An Enantioselective Synthesis of CymbaltaTM Colin McKinlay and Vincent van Rixel
A complete synthesis of Duloxetine, marketed as Cymbalta?, is achieved using an enantiomerically conserved route. Cymbalta? is a potent antidepressant which targets neural serotonin channels, making it successful at treating patients with major depressive disorder, generalized anxiety disorder, diabetic neuropathy, and fibromyalgia. However, Cymbalta? is a chiral molecule, in which the (S) enantiomer acts as the serotonin reuptake inhibitor, while the (R) enantiomer has little biological activity. Consequently, discovering an enantioselective synthesis of this drug is highly pharmaceutically relevant in treating the aforementioned disorders. The proposed synthetic route utilizes oxynitrilase, an enzyme extracted from raw almonds to establish a chiral center on the substrate crotonaldehyde, affording an (R)-cyanohydrin. This chiral center is maintained through subsequent reactions which add various organic moieties to the molecule. In addition to the cyanohydrins, the two most synthetically critical reactions in this synthesis are a Grubbs metathesis which adds a vinyl thiophene to the substrate, and a substituted palladium catalyzed 1,3-chiral shift. These three reactions have been performed with high yields, establishing our synthetic route as a viable path leading to the final production of Cymbalta?.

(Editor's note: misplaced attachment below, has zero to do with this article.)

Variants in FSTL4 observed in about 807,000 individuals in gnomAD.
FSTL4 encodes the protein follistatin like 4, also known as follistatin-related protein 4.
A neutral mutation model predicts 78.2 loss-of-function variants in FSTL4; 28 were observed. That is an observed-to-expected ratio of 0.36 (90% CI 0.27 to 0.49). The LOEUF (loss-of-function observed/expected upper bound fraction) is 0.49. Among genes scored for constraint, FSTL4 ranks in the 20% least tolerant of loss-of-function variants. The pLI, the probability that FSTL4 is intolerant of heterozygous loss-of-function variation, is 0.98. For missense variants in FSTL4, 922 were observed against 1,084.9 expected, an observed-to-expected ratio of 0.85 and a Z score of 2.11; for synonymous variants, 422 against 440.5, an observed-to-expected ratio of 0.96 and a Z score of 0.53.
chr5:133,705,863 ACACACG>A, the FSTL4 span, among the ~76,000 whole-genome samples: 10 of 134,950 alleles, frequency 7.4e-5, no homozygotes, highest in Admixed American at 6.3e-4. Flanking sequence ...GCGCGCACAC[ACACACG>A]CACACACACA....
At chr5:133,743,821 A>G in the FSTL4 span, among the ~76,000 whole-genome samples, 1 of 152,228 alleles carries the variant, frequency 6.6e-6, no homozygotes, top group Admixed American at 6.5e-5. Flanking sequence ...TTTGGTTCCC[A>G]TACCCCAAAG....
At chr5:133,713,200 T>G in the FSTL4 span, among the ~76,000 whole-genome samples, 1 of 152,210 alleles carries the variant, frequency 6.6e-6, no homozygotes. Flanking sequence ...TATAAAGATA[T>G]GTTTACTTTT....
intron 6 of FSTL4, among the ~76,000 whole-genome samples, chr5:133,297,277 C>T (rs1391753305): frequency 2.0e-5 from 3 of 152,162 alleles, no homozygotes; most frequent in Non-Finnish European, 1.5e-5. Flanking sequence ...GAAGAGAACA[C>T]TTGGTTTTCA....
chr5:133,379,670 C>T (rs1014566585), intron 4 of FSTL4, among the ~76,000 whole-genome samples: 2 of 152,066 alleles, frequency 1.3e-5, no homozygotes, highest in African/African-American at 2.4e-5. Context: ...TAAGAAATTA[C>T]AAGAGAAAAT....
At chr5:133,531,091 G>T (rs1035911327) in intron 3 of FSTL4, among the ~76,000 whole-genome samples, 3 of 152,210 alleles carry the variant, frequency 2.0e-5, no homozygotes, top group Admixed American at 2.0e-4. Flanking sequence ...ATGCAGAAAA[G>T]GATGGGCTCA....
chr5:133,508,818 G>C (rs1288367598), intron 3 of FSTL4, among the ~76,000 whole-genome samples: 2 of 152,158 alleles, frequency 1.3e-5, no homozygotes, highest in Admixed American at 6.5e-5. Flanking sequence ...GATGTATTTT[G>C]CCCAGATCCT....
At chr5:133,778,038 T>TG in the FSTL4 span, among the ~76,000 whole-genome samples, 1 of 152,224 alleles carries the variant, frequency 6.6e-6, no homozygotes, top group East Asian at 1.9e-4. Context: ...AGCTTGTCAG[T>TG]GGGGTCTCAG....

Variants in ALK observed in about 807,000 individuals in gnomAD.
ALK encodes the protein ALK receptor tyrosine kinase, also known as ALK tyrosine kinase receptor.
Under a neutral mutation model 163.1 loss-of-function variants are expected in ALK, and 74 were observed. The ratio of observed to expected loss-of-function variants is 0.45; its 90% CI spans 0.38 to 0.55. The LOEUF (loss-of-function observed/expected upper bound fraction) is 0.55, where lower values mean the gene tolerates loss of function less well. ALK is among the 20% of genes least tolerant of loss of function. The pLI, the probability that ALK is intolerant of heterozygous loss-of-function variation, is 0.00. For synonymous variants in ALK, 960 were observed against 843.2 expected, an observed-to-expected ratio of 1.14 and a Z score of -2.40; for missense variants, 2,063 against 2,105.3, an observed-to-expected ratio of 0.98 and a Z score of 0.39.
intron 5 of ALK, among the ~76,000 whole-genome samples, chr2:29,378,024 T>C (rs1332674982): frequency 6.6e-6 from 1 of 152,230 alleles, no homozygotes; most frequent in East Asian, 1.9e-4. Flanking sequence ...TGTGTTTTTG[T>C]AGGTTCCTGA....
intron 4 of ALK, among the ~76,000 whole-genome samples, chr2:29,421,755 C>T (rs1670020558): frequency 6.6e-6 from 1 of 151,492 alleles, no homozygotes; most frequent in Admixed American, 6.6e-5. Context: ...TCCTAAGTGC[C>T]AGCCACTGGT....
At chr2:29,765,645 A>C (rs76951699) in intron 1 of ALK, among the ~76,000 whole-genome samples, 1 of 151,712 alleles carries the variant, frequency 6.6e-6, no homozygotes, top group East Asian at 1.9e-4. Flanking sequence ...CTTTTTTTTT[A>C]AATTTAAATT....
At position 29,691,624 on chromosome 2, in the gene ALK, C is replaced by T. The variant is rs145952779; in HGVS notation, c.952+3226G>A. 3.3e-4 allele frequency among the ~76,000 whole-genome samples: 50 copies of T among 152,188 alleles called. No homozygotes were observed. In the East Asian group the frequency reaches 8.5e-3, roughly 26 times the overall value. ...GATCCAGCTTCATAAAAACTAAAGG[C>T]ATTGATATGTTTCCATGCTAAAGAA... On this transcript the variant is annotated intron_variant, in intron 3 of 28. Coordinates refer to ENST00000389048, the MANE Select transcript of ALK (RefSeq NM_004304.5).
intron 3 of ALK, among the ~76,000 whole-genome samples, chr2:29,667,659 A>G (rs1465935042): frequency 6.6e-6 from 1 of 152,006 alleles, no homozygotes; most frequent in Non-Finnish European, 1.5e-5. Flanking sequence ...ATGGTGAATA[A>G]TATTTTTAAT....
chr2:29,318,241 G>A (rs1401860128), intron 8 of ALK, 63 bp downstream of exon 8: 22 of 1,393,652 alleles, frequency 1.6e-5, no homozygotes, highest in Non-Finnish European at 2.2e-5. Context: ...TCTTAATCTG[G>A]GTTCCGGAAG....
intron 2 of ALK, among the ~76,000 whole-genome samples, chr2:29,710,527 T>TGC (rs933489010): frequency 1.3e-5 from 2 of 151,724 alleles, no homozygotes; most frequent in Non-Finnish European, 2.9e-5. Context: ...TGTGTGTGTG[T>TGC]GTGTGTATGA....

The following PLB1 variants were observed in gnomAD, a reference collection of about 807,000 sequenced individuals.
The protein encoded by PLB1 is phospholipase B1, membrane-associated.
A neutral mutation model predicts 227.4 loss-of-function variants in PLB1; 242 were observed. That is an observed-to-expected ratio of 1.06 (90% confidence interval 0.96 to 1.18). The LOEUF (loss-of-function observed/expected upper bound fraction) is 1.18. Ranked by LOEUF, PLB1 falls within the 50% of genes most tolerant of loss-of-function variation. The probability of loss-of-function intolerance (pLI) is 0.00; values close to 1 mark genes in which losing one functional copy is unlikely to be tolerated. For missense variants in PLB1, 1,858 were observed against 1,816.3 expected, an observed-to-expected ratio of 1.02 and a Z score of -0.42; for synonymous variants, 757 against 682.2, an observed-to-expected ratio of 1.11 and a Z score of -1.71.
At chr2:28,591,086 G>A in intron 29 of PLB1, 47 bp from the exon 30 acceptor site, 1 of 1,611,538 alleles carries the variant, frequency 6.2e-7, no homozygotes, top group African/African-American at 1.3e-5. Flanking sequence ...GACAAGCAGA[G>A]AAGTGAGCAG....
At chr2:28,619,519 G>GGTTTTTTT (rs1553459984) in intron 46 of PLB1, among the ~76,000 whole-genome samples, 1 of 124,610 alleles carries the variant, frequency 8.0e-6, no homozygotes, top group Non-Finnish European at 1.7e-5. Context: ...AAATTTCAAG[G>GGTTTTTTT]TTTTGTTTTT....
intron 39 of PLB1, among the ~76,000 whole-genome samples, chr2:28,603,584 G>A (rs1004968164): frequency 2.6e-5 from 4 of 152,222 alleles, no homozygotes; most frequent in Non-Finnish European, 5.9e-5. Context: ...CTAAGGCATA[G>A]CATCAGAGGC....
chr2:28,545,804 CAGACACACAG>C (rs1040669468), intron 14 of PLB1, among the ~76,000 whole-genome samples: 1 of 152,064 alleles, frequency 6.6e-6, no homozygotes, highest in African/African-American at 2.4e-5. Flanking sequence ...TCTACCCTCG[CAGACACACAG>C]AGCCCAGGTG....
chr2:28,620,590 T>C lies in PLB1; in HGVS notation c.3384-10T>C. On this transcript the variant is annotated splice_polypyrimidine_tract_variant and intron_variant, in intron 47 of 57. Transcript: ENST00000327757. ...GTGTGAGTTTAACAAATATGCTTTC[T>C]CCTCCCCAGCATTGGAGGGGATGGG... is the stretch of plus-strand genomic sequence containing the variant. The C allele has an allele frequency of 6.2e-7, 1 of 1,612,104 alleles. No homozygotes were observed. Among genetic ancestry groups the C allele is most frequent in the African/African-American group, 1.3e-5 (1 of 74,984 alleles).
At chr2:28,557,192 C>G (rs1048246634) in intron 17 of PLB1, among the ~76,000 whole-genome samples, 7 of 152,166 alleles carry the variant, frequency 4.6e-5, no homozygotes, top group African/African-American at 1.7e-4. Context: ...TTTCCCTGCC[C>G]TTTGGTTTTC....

McKinlay, Colin and Rixel, Vincent van, "An Enantioselective Synthesis of CymbaltaTM Colin McKinlay and Vincent van Rixel" (2010). URC Student Scholarship.
John Stauffer Summer Research in Chemistry Endowment